Another time, we assumed that if we trained our performance advisers to give better feedback, we could develop leaders faster. When we tested this assumption, we found it was more impactful to train every team member on how to receive feedback, which transformed our leadership development and also made our performance advisers better at giving feedback.
3. What legacy KPIs are we measuring that slow us down?
Are the key performance indicators (KPIs) we are using still relevant today? Do they conflict with the new behaviors that we need to retool or transform our services? Do they focus team members on the right things or distract from where we need to go?
My experience is that most CPA firm KPIs were developed during long, sustained periods of success accompanied by incremental change. How can these historical KPIs move us forward? Remember, what you measure is what you'll get. For example, does measuring realization per hour or turnaround time for client deliverables provide the most value for us today? Which of the two do we measure the most with data and dashboards? It's time we do the hard work to develop new measurements and dashboards that help drive rapid retooling and change for our firms.
4. Does our pricing reflect the impact or worth of our services and advice?
The AICPA's 2018 Private Companies Practice Section Management of an Accounting Practice survey, among other reports, has found that while accounting firm profit margins are solid, they are trending downward. If they slip too far, firms won't have the resources needed to retain our best talent or make the significant investments into technology, partnerships, and resources to be successful in the future.
Regardless of which side you take in the debate over whether it's appropriate for time to be the profession's primary revenue driver, pricing has to be continuously assessed for the appropriate return on investments, risks, costs, and rewards to be a high-performing organization.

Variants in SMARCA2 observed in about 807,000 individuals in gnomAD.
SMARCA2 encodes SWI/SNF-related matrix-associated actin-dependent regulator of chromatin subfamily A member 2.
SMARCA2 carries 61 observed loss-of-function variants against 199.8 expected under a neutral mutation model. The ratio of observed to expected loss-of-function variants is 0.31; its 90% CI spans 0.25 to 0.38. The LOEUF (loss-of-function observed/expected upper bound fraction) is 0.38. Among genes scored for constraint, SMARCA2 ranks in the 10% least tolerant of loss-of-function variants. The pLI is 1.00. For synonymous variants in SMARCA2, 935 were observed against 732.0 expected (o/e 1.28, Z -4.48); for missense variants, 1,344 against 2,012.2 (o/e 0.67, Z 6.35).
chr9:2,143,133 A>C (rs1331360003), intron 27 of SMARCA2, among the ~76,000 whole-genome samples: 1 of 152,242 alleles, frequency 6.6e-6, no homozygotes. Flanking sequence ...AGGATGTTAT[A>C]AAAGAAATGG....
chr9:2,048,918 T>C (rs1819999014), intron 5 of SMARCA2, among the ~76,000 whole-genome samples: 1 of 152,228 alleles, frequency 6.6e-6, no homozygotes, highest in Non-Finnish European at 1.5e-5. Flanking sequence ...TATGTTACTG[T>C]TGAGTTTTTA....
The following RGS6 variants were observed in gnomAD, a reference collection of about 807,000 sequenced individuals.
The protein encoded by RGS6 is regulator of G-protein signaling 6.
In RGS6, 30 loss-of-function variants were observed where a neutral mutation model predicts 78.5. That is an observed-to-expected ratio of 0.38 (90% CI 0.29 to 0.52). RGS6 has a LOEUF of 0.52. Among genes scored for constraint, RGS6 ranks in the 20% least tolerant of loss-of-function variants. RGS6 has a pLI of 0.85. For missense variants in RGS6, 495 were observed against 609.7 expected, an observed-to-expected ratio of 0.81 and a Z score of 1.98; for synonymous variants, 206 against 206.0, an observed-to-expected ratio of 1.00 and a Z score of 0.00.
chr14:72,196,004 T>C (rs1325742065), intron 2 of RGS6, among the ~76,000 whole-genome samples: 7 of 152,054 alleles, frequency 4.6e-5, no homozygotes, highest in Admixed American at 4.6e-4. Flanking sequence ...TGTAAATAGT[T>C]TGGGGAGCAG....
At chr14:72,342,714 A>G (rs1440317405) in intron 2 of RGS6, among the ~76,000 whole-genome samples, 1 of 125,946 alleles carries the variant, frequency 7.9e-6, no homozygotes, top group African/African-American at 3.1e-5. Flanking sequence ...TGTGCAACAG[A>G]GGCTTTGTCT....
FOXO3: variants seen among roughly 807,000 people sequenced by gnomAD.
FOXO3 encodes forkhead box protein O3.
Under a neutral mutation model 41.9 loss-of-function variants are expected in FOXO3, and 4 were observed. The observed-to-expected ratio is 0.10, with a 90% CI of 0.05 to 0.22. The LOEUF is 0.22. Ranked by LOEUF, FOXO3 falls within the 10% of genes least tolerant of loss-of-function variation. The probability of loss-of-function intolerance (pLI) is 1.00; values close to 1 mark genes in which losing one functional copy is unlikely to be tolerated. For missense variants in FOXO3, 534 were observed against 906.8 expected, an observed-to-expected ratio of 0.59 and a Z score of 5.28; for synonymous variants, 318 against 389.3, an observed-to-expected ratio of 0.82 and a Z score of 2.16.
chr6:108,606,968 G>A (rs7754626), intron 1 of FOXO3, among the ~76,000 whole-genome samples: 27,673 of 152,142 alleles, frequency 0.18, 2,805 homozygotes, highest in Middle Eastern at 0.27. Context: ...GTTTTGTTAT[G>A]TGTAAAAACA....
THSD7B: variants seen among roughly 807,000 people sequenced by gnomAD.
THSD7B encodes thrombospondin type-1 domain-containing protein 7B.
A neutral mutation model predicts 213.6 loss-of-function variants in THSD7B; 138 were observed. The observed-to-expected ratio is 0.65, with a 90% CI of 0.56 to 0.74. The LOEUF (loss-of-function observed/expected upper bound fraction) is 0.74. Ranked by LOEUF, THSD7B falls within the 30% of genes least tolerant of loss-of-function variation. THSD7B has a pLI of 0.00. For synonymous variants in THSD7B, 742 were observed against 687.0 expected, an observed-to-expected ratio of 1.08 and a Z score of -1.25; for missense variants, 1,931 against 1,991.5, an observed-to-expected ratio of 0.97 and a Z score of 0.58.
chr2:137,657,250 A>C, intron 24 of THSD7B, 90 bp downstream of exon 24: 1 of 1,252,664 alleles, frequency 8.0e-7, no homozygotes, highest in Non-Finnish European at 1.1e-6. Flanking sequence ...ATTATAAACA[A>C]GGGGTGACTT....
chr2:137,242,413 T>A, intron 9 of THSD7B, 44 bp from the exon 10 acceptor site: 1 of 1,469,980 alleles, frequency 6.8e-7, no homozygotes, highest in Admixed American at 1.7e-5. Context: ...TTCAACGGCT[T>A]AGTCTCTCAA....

5. Will our present business model survive exponential change by new competitors?
We are all familiar with companies that have used technology to power new business models that disrupted entire industries. Think of how Netflix impacted video rental companies, Uber upset cab operators, and Airbnb rattled the lodging industry. Our profession is not immune to this type of disruption. We are already beginning to see new competitors from outside accounting that are bringing creative and innovative ways to deliver services that we currently provide. We do not want to be the Blockbuster of accounting.
These are the five questions that we use to help us continually monitor and change our direction and strategies. I hope that you also find some value in them as you reflect on your business today. I also encourage you to comment or provide our followers with other guiding and probing questions that we can use to provide a better future for our firms and team members. Together, we can meet the challenges of exponential change and seize the abundant opportunities on our horizon. Relevance is hard work and it takes hard questions. What are yours?
— Joey Havens, CPA, CGMA, is the executive partner at HORNE LLP, where he leads the 500-employee firm's strategic visioning for culture, growth, and client experience. Learn more at hornellp.com. To comment on this article or to suggest an idea for another article, contact Jeff Drew, senior editor, at Jeff.Drew@aicpa-cima.com.